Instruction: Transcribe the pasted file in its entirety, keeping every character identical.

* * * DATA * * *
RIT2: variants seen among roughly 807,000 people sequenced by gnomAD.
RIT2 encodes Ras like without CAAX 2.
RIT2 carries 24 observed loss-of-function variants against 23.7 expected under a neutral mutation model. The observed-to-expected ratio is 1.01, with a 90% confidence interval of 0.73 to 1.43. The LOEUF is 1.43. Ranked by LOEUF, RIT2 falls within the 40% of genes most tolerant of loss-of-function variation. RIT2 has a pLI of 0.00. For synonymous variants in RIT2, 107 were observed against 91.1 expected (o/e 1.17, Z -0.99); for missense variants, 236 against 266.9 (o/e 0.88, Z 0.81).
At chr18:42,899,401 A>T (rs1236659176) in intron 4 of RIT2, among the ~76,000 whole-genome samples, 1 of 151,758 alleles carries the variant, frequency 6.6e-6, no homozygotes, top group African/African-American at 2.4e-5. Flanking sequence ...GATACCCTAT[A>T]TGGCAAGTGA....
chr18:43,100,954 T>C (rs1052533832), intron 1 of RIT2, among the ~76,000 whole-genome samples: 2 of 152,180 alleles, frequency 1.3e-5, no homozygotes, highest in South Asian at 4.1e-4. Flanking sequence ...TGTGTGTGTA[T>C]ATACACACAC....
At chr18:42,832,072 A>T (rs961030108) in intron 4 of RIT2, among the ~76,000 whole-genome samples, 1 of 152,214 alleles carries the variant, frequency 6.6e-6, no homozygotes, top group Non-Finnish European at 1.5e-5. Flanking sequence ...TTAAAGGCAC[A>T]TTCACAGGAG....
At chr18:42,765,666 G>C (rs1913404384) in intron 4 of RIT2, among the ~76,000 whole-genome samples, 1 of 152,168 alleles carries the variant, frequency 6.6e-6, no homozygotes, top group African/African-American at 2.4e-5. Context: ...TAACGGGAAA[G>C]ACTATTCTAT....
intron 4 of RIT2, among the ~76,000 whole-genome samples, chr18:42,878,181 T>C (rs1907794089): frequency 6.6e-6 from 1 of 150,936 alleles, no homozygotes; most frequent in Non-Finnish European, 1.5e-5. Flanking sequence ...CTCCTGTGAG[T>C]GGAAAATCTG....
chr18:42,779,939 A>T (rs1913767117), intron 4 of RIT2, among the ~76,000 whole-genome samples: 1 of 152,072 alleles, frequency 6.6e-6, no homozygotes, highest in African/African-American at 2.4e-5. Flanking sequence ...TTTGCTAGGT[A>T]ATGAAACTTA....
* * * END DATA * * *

RIT2: variants seen among roughly 807,000 people sequenced by gnomAD.
RIT2 encodes Ras like without CAAX 2.
RIT2 carries 24 observed loss-of-function variants against 23.7 expected under a neutral mutation model. The observed-to-expected ratio is 1.01, with a 90% confidence interval of 0.73 to 1.43. The LOEUF is 1.43. Ranked by LOEUF, RIT2 falls within the 40% of genes most tolerant of loss-of-function variation. RIT2 has a pLI of 0.00. For synonymous variants in RIT2, 107 were observed against 91.1 expected (o/e 1.17, Z -0.99); for missense variants, 236 against 266.9 (o/e 0.88, Z 0.81).
At chr18:42,899,401 A>T (rs1236659176) in intron 4 of RIT2, among the ~76,000 whole-genome samples, 1 of 151,758 alleles carries the variant, frequency 6.6e-6, no homozygotes, top group African/African-American at 2.4e-5. Flanking sequence ...GATACCCTAT[A>T]TGGCAAGTGA....
chr18:43,100,954 T>C (rs1052533832), intron 1 of RIT2, among the ~76,000 whole-genome samples: 2 of 152,180 alleles, frequency 1.3e-5, no homozygotes, highest in South Asian at 4.1e-4. Flanking sequence ...TGTGTGTGTA[T>C]ATACACACAC....
At chr18:42,832,072 A>T (rs961030108) in intron 4 of RIT2, among the ~76,000 whole-genome samples, 1 of 152,214 alleles carries the variant, frequency 6.6e-6, no homozygotes, top group Non-Finnish European at 1.5e-5. Flanking sequence ...TTAAAGGCAC[A>T]TTCACAGGAG....
At chr18:42,765,666 G>C (rs1913404384) in intron 4 of RIT2, among the ~76,000 whole-genome samples, 1 of 152,168 alleles carries the variant, frequency 6.6e-6, no homozygotes, top group African/African-American at 2.4e-5. Context: ...TAACGGGAAA[G>C]ACTATTCTAT....
intron 4 of RIT2, among the ~76,000 whole-genome samples, chr18:42,878,181 T>C (rs1907794089): frequency 6.6e-6 from 1 of 150,936 alleles, no homozygotes; most frequent in Non-Finnish European, 1.5e-5. Flanking sequence ...CTCCTGTGAG[T>C]GGAAAATCTG....
chr18:42,779,939 A>T (rs1913767117), intron 4 of RIT2, among the ~76,000 whole-genome samples: 1 of 152,072 alleles, frequency 6.6e-6, no homozygotes, highest in African/African-American at 2.4e-5. Flanking sequence ...TTTGCTAGGT[A>T]ATGAAACTTA....